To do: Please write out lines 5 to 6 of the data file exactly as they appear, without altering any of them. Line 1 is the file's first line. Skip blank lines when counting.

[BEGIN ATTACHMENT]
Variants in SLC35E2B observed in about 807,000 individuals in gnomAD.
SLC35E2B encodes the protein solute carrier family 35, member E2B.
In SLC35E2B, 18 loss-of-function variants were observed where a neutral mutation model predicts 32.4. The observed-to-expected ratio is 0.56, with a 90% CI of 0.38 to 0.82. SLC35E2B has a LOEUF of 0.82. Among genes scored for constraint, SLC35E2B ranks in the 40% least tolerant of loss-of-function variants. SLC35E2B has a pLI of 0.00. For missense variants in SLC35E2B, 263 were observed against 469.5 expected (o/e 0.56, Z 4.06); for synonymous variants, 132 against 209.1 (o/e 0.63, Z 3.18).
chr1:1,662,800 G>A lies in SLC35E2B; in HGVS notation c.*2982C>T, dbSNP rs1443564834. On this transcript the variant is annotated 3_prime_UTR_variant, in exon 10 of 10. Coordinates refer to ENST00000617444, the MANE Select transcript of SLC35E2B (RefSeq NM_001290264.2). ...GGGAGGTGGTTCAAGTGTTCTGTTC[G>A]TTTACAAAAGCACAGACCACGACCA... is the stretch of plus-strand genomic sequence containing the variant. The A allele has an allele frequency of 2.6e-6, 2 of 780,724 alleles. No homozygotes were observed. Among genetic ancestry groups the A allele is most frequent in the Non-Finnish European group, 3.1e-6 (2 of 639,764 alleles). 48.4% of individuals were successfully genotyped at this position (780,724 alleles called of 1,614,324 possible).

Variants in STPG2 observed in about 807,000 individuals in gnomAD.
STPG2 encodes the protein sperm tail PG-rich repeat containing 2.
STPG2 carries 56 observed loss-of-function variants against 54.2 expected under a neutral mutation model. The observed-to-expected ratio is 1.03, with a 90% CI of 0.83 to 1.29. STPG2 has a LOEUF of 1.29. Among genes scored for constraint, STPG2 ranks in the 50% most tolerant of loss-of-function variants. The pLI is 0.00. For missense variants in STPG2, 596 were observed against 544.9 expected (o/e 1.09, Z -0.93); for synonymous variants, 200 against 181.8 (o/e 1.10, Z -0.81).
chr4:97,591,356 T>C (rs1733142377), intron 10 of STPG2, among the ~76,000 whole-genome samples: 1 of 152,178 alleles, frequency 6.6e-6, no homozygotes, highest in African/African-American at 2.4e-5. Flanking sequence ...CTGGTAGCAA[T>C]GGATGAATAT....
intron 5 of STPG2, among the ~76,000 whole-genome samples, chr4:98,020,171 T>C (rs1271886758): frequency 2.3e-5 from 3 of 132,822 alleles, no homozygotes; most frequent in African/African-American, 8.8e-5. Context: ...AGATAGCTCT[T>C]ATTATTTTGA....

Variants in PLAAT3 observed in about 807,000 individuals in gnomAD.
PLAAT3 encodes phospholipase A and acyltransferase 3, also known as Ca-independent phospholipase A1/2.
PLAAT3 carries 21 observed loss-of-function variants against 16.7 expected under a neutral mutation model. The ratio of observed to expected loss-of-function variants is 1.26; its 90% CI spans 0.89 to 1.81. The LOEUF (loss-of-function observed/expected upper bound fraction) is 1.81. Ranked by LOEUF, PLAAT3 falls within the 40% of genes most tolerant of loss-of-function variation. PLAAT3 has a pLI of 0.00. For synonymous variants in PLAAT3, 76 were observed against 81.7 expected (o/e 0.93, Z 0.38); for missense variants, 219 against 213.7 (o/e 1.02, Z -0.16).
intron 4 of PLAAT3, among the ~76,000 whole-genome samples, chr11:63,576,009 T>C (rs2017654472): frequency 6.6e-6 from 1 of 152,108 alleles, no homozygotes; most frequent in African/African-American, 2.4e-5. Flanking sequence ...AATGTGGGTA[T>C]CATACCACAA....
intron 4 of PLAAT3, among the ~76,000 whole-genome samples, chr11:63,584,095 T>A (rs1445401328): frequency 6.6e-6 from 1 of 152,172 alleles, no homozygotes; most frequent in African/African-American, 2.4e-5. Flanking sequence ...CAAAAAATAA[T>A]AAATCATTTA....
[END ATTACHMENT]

Variants in STPG2 observed in about 807,000 individuals in gnomAD.
STPG2 encodes the protein sperm tail PG-rich repeat containing 2.